DALLAS — Despite a flood of opposition letters in Dallas City Council inboxes and over a dozen opposition speeches by residents and the Oak Lawn Committee representative, the Lincoln Katy Trail project by council was approved on April 28. The only two council members who voted to oppose the project were councilmen Omar Narvaez and Adam Bazaldua.
Narvaez cited environmental reasons for why he wouldn’t support the project, saying losing nearly 100 trees “in one swoop” would be hard on the environment. He also said the affordable housing options “come up too short.”
“The affordable housing is only 8%, and the affordable housing was not at the 51% to 60%, or 61% to 80% of area median income (AMI), so there's no workforce housing in here. It's only 8% at the 81% to 90%,” Narvaez said. “Zoning issues, especially when they become this impactful to a neighborhood, are always difficult. Every single one of us has been through it and none of us enjoys it, but that's part of our job is trying to navigate and come up with the best decision possible.”
Bazaldua echoed Narvaez, and was less than impressed with the amount of affordable housing the developer, Lincoln Property Company, was offering.
“This is honestly, in my opinion, a lot of why we have a lot of work to do when it comes to affordable housing in our city. We can make policy, we can have policy on a piece of paper, and we can either adhere to it or not. If we choose not to and allow for the developers to dictate what affordable housing looks like in our city, then we will continue down the same path that we're in, and I don't think that that helps any of the working class income move into this neighborhood,” Bazaldua said. “I know that there's a lot of history in the case and I know that there's definitely in my inbox alone, a lot of opinions of both in favor and in opposition, so I can only imagine what my colleague Mr. [David] Blewett has experienced, with it being in his district. However, I don't believe that this goes along with what we have said our commitment to the affordable housing policy would be in holding the developers accountable to what our expectations are.”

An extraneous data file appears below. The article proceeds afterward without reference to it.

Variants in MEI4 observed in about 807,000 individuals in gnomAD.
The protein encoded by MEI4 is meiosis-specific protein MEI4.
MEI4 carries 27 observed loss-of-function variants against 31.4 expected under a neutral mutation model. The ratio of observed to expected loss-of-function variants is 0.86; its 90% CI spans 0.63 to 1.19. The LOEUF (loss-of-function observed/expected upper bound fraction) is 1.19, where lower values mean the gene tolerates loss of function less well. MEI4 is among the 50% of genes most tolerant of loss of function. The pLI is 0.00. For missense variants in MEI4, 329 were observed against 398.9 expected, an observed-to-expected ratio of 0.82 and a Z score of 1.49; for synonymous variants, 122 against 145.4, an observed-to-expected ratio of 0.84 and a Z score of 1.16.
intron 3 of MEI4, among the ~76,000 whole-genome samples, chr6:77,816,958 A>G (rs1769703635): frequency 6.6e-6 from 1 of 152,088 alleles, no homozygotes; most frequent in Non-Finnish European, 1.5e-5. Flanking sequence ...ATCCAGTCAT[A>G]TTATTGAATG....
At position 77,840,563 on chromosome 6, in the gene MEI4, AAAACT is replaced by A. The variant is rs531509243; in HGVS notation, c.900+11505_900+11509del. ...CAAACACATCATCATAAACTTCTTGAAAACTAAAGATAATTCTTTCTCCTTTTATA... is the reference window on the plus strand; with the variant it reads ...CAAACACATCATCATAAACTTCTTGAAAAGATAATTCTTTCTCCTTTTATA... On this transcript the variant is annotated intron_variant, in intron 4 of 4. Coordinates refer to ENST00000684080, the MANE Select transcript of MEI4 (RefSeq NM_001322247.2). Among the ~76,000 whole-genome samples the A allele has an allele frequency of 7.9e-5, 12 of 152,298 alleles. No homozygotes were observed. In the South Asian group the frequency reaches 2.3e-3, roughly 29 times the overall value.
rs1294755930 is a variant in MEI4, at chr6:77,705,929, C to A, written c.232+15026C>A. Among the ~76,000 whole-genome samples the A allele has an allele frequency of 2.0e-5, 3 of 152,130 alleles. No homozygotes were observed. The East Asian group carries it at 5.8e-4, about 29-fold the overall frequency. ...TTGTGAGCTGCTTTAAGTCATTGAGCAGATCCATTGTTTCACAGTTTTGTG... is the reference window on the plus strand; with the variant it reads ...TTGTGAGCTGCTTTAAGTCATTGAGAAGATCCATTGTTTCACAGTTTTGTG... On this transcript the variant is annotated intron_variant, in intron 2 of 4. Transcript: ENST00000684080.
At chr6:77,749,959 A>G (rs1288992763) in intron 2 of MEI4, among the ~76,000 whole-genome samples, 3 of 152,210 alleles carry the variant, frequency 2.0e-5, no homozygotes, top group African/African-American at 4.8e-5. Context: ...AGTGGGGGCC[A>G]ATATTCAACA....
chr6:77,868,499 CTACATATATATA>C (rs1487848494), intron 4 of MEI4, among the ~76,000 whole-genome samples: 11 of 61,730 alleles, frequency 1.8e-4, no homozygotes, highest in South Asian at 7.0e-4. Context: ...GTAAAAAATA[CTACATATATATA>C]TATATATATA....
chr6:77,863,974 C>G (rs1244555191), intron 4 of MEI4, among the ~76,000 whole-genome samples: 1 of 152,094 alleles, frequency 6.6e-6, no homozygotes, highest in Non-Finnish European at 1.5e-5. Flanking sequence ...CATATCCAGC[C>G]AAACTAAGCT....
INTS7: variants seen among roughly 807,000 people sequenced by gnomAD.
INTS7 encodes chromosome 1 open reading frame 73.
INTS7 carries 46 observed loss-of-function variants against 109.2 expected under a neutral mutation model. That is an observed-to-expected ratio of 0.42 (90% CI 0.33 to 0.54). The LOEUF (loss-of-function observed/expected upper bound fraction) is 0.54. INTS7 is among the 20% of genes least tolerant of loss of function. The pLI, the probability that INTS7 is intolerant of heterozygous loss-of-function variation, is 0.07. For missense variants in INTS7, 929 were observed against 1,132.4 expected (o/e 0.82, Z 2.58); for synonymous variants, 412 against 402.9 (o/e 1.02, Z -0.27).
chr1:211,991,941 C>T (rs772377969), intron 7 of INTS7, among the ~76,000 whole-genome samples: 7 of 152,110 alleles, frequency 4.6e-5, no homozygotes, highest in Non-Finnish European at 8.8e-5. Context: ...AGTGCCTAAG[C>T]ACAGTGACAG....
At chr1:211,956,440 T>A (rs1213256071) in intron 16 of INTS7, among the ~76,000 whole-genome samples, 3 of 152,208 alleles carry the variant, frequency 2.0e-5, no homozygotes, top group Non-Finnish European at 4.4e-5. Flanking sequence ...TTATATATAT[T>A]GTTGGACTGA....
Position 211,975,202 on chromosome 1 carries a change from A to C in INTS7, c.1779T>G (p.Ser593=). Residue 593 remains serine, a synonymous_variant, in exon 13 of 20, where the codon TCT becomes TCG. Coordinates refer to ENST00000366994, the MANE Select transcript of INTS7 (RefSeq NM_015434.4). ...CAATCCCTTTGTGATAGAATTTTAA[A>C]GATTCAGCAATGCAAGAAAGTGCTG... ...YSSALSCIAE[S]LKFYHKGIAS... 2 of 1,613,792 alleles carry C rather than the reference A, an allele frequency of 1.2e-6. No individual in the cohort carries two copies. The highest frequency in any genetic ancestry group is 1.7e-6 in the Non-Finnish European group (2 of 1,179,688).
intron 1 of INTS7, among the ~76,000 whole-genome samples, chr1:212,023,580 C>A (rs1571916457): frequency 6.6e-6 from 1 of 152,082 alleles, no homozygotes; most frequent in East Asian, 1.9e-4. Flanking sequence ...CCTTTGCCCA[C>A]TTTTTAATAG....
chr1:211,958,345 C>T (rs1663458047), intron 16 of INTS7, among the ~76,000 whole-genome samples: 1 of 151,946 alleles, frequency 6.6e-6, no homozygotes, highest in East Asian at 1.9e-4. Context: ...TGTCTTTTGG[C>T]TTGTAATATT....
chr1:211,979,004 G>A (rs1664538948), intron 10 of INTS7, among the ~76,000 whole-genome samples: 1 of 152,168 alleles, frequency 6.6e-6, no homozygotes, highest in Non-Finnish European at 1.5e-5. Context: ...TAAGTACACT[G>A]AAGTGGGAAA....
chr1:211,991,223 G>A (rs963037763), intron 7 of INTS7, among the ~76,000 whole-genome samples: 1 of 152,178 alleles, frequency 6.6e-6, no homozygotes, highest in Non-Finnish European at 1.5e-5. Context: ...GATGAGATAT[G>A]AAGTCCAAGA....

District 14 Councilman David Blewett said Lincoln Property Co. has been a “longtime developer” in Dallas, with a “multi-decade track record of building high quality properties.” He said because LPC has funding in place, there’s no concern of them actually completing the project. Blewett also noted the currently property that was built in 1964, Turtle Creek Terrace Condominiums, is in need of maintenance, with current residents concerned about paying for the upkeep.
“A new developer with the resources and a plan to accomplish these fixes is necessary for the long-term vitality of the area,” Blewett said. "I appreciate the lengthy process that we've gone through to get this project to council in its current form and be beneficial to the community in the long term. The project is a good fit for the needs of the area. The benefits to aesthetics and area beautification, as well as increased pedestrian safety, present an important opportunity to improve one of Dallas' premier locations alongside the Katy Trail."
City Council District 14 candidate Paul Ridley sent a statement after the vote to approve the project came down, saying Blewett “ignored” the concerns of the community surrounding where the Lincoln Katy Trail project will be built.
"I voted against this project two years ago because it violates the Oak Lawn Plan — which has guided the development of Oak Lawn for 40 years — will remove 115 units of much-needed affordable housing from an increasingly expensive neighborhood and destroy a tree canopy of one hundred mature trees,” Ridley said. "The incumbent gave the developer everything they asked for, not even attempting to obtain any concessions that would make the project more compatible with the neighborhood. With approval of this one zoning case, Oak Lawn will now likely be threatened by a succession of such projects asking for high-density zoning, potentially changing forever the character and quality of life in Oak Lawn.”
Vine Condominiums HOA President Tony Page said the next step will likely be to consider litigation.